In 1980, the US Supreme Court decision in Diamond v. Chakrabarty not only helped considerably the development of the biotech industry, but also affected practices in the intellectual property area. After the rejection of the US Patent Office's claim that living organisms per se cannot be patented, companies now were able to seek a wider protection for products created using DNA recombinant technologies, while patent offices were given the opportunity to expand their activities into this area.
During the 1980s, recombinant proteins were mostly developed for the treatment of pathologies such as diabetes, anemia, growth disorders and infertility. The properties of these molecules were well characterized in vivo, so patent offices were able to apply the well established principles of patent law—utility, inventiveness, novelty and unity—in a satisfactory way.
The speed at which genetic information is accumulated by far exceeds the speed at which patent offices can examine applications thoroughly
But in the last decade, technological advances in sequencing and bioinformatics have allowed biotech companies to identify, massively and at low cost, novel gene sequences for which they are seeking patent protection (Figure 1; Table 1). The speed at which genetic information is now accumulated and submitted to patent offices by far exceeds the speed at which genes can be even roughly characterized, and that at which patent offices can examine applications thoroughly to decide on their patentability (Figures 2 and 3).
Due to this trend, a hard‐to‐calculate, but enormous and increasing bulk of genetic information has become de facto a research tool (Ducor, 1999). As had been made clear in articles and discussions in journals like Nature and Science, many scientists regard this as a major deterrent to research, and hold the patent system responsible for this distortion of law practice. However, before labeling the whole patent system as faulty, the actual impact of this patenting frenzy on the activities of research laboratories should be evaluated, taking into account some of the concepts of patent law, as well as some consequences of the current situation.
Apart from the basic requirements for obtaining a patent, the patent system also assigns a fundamental importance to the concept of experimental use exemption to patent infringement (Ducor, 1999). This institution stems directly from the original goal of the patent system to promote innovation by granting, in exchange for public disclosure of the invention, a time‐limited exclusivity for commercial exploitation. Patent infringement takes place if a product or a method covered by a patent is produced, used, imported or sold without permission or license from the patentee. A researcher working on a patented matter to improve it cannot be sued for patent infringement as the experimental use exemption applies to his work.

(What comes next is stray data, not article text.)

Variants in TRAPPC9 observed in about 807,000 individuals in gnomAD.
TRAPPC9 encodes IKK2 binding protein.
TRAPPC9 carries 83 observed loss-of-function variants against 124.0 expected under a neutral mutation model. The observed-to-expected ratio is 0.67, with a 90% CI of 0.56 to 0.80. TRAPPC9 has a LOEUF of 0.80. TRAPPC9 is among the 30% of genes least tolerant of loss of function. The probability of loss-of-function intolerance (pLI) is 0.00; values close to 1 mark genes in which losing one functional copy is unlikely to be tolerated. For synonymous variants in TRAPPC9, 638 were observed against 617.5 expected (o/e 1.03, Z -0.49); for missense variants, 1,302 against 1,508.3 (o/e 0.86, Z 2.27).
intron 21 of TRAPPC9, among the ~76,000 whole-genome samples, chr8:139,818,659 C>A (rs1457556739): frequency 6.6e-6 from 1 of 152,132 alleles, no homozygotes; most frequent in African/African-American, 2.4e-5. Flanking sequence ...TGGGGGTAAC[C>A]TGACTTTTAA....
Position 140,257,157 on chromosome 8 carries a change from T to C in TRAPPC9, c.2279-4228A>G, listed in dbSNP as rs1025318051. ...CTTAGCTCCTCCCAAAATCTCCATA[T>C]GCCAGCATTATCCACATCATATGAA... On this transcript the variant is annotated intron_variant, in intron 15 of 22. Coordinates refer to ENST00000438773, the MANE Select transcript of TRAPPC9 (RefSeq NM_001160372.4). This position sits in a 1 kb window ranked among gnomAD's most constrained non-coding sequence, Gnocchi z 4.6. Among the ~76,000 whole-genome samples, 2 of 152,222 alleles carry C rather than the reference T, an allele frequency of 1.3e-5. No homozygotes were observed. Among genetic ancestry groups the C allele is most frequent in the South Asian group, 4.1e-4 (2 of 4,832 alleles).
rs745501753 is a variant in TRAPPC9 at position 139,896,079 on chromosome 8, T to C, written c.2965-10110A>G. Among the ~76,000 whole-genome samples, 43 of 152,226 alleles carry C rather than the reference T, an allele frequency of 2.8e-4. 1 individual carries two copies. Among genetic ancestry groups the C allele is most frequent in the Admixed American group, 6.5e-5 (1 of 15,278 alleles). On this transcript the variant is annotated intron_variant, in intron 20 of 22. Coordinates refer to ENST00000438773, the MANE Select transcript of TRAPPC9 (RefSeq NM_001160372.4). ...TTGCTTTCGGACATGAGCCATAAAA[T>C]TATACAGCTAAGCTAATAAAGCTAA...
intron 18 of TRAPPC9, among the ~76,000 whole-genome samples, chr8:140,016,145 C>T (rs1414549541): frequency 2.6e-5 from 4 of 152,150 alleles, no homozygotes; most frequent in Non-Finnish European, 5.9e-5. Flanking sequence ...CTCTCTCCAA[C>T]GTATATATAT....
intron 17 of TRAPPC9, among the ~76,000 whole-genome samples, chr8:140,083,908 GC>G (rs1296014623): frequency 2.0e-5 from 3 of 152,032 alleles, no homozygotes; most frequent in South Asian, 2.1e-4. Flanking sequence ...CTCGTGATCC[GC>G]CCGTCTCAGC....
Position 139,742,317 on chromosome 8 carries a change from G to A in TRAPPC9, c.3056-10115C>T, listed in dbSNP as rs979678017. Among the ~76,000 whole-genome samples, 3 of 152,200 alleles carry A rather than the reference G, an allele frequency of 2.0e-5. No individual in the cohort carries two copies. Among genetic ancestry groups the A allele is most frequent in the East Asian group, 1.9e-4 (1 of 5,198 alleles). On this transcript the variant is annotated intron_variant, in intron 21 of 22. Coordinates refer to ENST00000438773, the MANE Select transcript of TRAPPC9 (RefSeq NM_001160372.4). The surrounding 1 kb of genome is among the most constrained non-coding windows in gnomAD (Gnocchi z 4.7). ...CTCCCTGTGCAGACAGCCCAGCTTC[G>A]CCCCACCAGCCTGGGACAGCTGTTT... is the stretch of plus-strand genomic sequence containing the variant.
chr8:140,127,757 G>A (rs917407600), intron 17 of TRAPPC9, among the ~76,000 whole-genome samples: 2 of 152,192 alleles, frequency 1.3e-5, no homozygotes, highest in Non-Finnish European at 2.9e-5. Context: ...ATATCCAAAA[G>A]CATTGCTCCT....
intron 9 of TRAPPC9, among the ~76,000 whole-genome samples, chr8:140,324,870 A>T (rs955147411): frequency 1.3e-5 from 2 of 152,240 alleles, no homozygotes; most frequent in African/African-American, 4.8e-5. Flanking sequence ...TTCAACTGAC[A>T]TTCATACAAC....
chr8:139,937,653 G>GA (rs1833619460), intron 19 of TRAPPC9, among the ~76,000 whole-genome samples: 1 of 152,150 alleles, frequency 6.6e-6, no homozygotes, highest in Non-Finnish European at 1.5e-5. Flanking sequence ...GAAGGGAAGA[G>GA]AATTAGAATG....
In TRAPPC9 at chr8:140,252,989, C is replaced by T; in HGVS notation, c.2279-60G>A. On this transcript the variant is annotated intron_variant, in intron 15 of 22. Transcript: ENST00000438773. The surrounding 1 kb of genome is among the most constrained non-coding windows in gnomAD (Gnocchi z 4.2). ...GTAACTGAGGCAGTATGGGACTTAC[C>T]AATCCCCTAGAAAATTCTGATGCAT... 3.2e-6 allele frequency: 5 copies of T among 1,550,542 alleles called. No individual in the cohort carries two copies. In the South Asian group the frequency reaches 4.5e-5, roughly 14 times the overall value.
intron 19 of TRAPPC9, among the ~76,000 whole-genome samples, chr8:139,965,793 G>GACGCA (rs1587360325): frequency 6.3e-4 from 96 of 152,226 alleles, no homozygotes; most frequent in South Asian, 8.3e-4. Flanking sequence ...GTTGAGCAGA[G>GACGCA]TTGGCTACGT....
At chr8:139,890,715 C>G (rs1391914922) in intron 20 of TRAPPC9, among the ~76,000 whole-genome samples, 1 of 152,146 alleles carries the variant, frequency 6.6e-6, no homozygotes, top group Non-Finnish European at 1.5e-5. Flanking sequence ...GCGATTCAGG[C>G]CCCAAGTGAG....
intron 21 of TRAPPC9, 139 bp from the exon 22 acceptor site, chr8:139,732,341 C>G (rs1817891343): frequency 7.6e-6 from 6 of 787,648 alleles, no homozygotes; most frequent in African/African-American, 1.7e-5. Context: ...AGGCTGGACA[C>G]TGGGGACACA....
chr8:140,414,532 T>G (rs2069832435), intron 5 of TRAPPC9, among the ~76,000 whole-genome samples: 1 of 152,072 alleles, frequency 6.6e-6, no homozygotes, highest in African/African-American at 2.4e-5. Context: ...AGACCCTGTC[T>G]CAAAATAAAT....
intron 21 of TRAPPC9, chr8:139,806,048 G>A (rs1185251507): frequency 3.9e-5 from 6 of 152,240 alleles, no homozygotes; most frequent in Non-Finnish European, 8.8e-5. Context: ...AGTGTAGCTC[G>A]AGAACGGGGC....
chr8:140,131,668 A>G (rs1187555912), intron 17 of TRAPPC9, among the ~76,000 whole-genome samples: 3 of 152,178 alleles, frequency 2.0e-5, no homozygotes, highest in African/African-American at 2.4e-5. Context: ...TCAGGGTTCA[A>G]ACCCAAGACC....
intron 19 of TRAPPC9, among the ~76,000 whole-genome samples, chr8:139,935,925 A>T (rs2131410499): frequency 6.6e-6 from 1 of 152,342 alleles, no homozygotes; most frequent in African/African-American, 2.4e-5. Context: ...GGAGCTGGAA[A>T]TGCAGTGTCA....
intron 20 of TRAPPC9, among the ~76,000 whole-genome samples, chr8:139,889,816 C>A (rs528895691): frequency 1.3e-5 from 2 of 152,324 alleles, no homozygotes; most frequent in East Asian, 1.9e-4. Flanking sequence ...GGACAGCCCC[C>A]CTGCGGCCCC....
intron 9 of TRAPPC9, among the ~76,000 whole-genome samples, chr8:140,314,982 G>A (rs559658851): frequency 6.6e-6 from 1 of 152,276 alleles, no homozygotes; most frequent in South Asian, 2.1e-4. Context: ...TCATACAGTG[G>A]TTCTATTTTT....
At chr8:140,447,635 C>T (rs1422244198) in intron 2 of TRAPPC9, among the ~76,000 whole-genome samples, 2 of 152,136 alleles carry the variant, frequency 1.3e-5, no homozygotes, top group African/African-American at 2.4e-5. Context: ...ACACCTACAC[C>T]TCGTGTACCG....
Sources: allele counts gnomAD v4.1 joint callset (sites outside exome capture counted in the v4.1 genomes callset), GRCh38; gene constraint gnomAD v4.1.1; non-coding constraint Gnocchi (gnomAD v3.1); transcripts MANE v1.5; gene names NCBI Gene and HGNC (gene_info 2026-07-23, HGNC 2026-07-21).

A researcher working on a patented matter to improve it or for non‐commercial research cannot be sued for patent infringement
Patent literature makes available to the public a large body of knowledge in terms of DNA/protein sequences, biological materials deposited in public collections such as the American Type Culture Collection, and experimental results, which is not always, or only later, disclosed in other form. This information is published in a format compliant with Patent Offices procedures of analysis, which are different from those of the scientific peer‐reviewing system, but scientists can find and make use of relevant first‐hand data for the purpose of their research.
Some attention should be taken in considering the possibility that some research activities may not fall under the experimental use exemption. In non‐corporate environments, it is becoming increasingly important to produce results that can lead not only to scientific publications, but also to patent applications, and thus eventually to a commercial exploitation. As has often been pointed out, licenses and royalties on products are becoming more and more important resources to finance research institutions (Mulligan and Steele, 2000). On the other hand, non‐corporate research has an important role. The massive investments in the life sciences made by governments are still a driving force in generating the knowledge base for the biotech industry (Kroll et al., 1998). Therefore, suing public research institutions could be an indelicate move, damaging to the image of a company and to its relationship with the scientific community. Thus, the applicability of the experimental use exemption can become a matter of interpretation and, eventually, negotiation.
An interesting situation is represented by the use of DNA microarrays as research tools. The companies that assemble and sell such products are actually facing a large problem as they may be obliged to obtain multiple licenses when using DNA sequences covered by patents. As these chips are on the market for basic research as well as for commercial purposes such as drug development, it is clear that experimental use exemption does not always apply. Therefore, the company owning the granted patent on a useful DNA sequence should get a share of the profits made by selling the chips. Such a situation can lead to potentially enormous negotiation problems, with hundreds of licenses necessary for a single type of array. Lacking a widely accepted policy on these issues, most DNA chip manufacturers immobilize only DNA sequences that are in the public domain. Evidently, this represents a limitation of the DNA chips' potential, and can hamper research efforts. This example shows clearly that uncertainties and the fragmentation of patent rights can deter research programs that are necessary to confer a real value to this knowledge.